To probe the structure of the membrane-spanning rings in more detail, these were isolated after which their individual structure was assessed by cryo-EM at 4.3 Å for the IM ring and 3.6 Å for the OM ring, respectively (8). These structures are presented in figure 4 and show that the IM ring (bottom panel) is made up of two different membrane proteins, namely: PrgH and PrgK. Within the IM ring, PrgH and PrgK form extensive interactions that stabilize the ring. Both proteins are assembled into two concentric rings comprising 24 PrgH and 24 PrgK subunits with PrgH on the outside and PrgK on the inside. PrgH represents an integral membrane protein with one transmembrane domain (TMD), while PrgK is a lipoprotein that is anchored to the inner membrane by virtue of its lipid-modified N-terminus and C-terminal TMD. In addition to its TMD, PrgH contains a small N-terminal cytoplasmic domain and a large periplasmic domain. The bottom panel of figure 4 shows the structure of this periplasmic domain, revealing that is composed of three topologically similar α/β domains (helices are in red and β sheets in yellow). Of note, to obtain the high resolution of the IM ring, a PrgH variant lacking its cytoplasmic domain was used. The subdomains of PrgH attain a boot-shaped conformation and probably function as ring-building motif for the assembly ring structures (14). The periplasmic domain of PrgK is displayed in the bottom panel of figure 4 and shows that it is made up of two α/β domains with similar topology that are also thought to function as ring-building motif (15).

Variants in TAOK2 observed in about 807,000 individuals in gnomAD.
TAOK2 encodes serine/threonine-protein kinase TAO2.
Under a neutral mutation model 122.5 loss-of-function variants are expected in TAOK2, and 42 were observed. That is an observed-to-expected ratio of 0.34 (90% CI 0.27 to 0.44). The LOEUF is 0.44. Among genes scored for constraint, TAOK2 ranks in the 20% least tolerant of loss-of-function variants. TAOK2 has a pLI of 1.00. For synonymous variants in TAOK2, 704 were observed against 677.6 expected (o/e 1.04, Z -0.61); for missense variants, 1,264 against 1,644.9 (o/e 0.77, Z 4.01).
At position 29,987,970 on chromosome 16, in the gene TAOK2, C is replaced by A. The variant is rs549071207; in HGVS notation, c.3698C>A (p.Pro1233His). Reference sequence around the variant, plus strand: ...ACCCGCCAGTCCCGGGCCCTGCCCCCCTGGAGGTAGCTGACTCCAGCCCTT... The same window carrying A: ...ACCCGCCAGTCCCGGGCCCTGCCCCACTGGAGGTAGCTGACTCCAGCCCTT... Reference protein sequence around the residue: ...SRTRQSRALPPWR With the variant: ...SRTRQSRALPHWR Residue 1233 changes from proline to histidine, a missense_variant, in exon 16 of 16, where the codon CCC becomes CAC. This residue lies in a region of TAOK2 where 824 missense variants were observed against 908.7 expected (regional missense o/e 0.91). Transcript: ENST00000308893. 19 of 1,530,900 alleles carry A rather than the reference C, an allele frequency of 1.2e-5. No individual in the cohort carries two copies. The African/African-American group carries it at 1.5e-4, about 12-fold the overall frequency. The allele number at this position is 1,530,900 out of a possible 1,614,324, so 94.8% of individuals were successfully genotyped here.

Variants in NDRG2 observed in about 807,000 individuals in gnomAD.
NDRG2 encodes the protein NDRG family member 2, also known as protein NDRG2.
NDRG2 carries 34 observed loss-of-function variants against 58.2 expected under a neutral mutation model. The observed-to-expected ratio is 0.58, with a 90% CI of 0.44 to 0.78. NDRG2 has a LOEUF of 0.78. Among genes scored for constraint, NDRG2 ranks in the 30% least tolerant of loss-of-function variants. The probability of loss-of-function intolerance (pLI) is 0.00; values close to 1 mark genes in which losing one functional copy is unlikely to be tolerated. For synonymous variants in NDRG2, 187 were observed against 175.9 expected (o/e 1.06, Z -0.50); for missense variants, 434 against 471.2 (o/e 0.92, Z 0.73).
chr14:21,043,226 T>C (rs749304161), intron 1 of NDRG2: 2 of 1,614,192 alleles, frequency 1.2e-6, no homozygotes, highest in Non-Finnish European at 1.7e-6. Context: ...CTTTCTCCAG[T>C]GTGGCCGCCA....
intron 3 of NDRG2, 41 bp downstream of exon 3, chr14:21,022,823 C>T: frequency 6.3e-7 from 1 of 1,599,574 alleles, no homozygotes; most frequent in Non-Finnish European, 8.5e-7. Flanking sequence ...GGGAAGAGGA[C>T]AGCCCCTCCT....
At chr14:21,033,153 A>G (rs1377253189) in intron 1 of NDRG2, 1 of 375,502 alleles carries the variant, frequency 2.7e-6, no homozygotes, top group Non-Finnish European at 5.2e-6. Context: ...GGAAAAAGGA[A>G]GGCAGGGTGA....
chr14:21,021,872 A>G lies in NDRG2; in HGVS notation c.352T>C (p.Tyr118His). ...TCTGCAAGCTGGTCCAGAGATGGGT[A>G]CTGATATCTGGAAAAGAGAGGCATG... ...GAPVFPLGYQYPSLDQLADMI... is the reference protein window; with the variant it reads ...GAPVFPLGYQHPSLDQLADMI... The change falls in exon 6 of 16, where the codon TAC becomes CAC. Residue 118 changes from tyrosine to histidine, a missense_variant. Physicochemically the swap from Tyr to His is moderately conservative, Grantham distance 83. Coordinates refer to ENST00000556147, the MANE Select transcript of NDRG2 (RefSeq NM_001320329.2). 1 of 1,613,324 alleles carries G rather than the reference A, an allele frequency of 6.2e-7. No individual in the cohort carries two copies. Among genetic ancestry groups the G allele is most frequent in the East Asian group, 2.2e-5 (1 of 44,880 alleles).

In contrast to the IM ring, the OM ring consists of only one protein, InvG. Fifteen copies of this subunit are assembled into a double-layered β-barrel-shaped OM ring (figure 4 top panel). InvG belongs to the group of secretins. These proteins form large portals in the outer membrane and are an essential part of different bacterial secretion systems. The structure of an individual InvG protomer is shown in the top panel of figure 4, revealing that it is made up of three different regions, namely: an N-terminal domain consisting of three subdomains (N0, N1 and N3) that protrude into the periplasm, a secretin domain comprising an inner and outer β-sheet, a membrane association region as well as a C-terminal pilotin-binding S-domain (8). The outer secretin β-sheet forms the outer wall of the barrel, while the inner β-sheet comprises the periplasmic gate. The S-domain adopts a helix-turn-helix conformation and wraps around the midsection of barrel, extending laterally across neighboring subunits. This further stabilizes the secretin barrel. The oligomerization of InvG is mainly mediated by its secretin domain, although its smaller domains also play a role in this process. The S-domain serves as binding site for cognate chaperones known as pilotins. These are small outer membrane localized proteins that assist in secretin sorting, assembly and insertion into the outer membrane. It is thought that pilotins act as molecular stapler, mediating the folding of the S-domain and thereby enabling additional stabilizing interactions between tow InvG subunits that proceed through folded S-domains. Secretins probably insert spontaneously into the outer membrane. Interestingly, InvG contains a small amphipatic helical loop (secretin flip) with a hydrophobic face suitable for membrane association. Conceivably, this loop facilitates the first stages of OM insertion, serving as an anchor to localize InvG to the OM, and thereby allowing further assembly and oligomerization. The periplasmic gate (right panel of figure 3) is a crucial feature of the secretin barrel and is formed by inner projections of the inner β-sheet of the secretin domain. The gate has a width of 15 Å, which is consistent with the export of unfolded substrates, and is lined by differently charged residues (e.g. glutamine and arginine). This creates a ring of opposing charge on the extracellular and periplasmic face of the gate. These charged residues appear to support the closed state.